Help protect your business against hurricanes


Provided by: Hortica, a brand of the Sentry Insurance Group,

Though hurricanes are usually seasonal in nature—97 percent of tropical activity occurs from Jun. 1 to Nov. 30—they can have a devastating impact for years.

That’s why it’s important to plan ahead for such an event, even if you’re not in an area that would receive a direct hit from a hurricane. Flooding is one of the main concerns when it comes to hurricanes, and that can happen far from the storm’s landfall.

At Hortica, we’ve come up with some suggestions to help you limit the damage before, during, and after a hurricane.

Before a hurricane

You might think you’re at the mercy of a hurricane. However, there are steps you can take to minimize damage, including:

  • Survey your property: Look for where your building and land are most vulnerable to high winds and rising water.
  • Plan ahead: Create a response plan to deal with the areas that’ll be most affected by a storm. Develop emergency checklists, such as securing structures and covering doors and windows. Understand your community’s evacuation plans if you must leave the area. Prepare a communication plan that will keep your employees and customers updated after the storm.
  • Prepare your staff: Create an emergency response team and designate an emergency coordinator.
  • Be ready to move: Have a safe place at a higher elevation where you can take critical files and paperwork. Be sure to include room for valuable building equipment, supplies, and vehicles. 
  • Practice your plan: Review your hurricane response plan and look for areas that might need revising. If there’s time before a storm hits, walk through the procedures to make sure everything and everyone is ready.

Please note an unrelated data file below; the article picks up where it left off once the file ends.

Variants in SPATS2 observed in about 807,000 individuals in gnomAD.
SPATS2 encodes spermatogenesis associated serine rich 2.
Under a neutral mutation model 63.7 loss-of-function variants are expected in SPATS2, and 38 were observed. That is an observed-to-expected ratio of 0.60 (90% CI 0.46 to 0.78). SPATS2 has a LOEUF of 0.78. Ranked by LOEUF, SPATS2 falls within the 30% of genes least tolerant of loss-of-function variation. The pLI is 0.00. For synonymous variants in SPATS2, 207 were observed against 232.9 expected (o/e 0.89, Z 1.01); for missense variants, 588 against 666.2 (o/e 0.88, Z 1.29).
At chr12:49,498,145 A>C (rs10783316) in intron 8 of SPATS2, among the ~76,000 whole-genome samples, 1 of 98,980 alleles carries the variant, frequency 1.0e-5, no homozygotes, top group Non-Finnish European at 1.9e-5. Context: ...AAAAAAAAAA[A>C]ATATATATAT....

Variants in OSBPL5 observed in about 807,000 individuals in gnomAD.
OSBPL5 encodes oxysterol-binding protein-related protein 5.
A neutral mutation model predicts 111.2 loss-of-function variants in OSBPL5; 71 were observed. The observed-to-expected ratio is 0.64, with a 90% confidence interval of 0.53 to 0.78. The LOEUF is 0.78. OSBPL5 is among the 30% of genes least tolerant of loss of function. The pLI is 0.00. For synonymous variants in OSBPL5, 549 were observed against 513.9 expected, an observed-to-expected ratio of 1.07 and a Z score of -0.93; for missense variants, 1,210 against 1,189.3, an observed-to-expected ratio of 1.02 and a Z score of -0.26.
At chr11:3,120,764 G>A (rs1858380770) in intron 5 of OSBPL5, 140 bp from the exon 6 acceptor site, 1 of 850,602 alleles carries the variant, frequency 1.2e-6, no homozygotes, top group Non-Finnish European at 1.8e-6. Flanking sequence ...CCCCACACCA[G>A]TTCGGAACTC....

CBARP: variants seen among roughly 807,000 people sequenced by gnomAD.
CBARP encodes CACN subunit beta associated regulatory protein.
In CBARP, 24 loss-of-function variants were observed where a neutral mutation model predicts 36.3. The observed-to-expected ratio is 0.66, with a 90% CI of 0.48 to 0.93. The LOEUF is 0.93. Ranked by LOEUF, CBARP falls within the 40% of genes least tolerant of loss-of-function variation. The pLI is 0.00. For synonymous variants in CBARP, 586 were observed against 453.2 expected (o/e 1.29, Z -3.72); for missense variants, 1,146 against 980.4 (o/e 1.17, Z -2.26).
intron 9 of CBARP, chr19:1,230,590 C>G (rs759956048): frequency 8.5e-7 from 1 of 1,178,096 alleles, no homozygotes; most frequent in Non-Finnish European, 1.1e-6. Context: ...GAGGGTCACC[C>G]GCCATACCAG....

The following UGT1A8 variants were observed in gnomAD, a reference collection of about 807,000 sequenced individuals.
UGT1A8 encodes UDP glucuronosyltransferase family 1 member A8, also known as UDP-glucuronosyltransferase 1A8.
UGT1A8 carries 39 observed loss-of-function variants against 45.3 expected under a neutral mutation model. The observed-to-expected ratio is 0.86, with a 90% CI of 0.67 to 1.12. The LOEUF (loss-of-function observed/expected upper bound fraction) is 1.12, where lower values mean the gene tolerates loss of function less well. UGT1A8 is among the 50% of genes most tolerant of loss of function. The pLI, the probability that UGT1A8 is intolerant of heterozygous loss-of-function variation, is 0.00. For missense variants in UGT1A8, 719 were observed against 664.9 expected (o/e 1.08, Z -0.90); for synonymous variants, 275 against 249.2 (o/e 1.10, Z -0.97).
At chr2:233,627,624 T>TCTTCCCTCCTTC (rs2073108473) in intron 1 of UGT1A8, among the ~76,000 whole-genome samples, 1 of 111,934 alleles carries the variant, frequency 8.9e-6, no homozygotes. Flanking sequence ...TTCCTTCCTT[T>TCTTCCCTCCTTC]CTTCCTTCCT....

Hurricane forecasted

If a hurricane is forecast, you want the most up-to-date information. Weather radios with a battery backup can keep you informed. It’s also important to understand the difference between a watch and a warning:

  • Hurricane watch: A hurricane is possible within the next 24–36 hours.
  • Hurricane warning: Winds already exceed 74 mph. High water and rough seas are expected within the next 24 hours.

If a hurricane strikes and power is lost, protect your electrical equipment by unplugging it. That’ll avoid the risk of a surge when power returns. Also, be prepared to evacuate if conditions or emergency responders require it.

After a hurricane

Once a hurricane passes, here are some things to keep in mind:

  • Check on staff: Account for all employees and see if anyone is hurt. If so, seek medical help immediately.
  • Look out for hazards: Be aware of any downed power lines, gas leaks, plugged drains, and downed trees and branches.
  • Record the damage: Check your buildings and property for damage. Document what you find in writing and take photos. Contact your insurance agent.
  • Start salvage and repairs: If it’s safe to do so, perform any temporary repairs to protect your building, equipment, and supplies.
  • Get the word out: Through your communication plan, let employees and customers know the status of your operation, what’s being done to recover, and how you’re meeting operational needs.


  • Splash Omnimedia
  • Simmons Irrigation Supply
  • Harrell's
  • Modern Turf
  • Carolina International Trucks
  • Davidson Farms
  • Ray Bracken Nursery, Inc.
  • River's Edge Nursery
  • Turf Connections
  • Walker Mowing
(803) 939-6884

PO Box 16
Columbia, SC 29202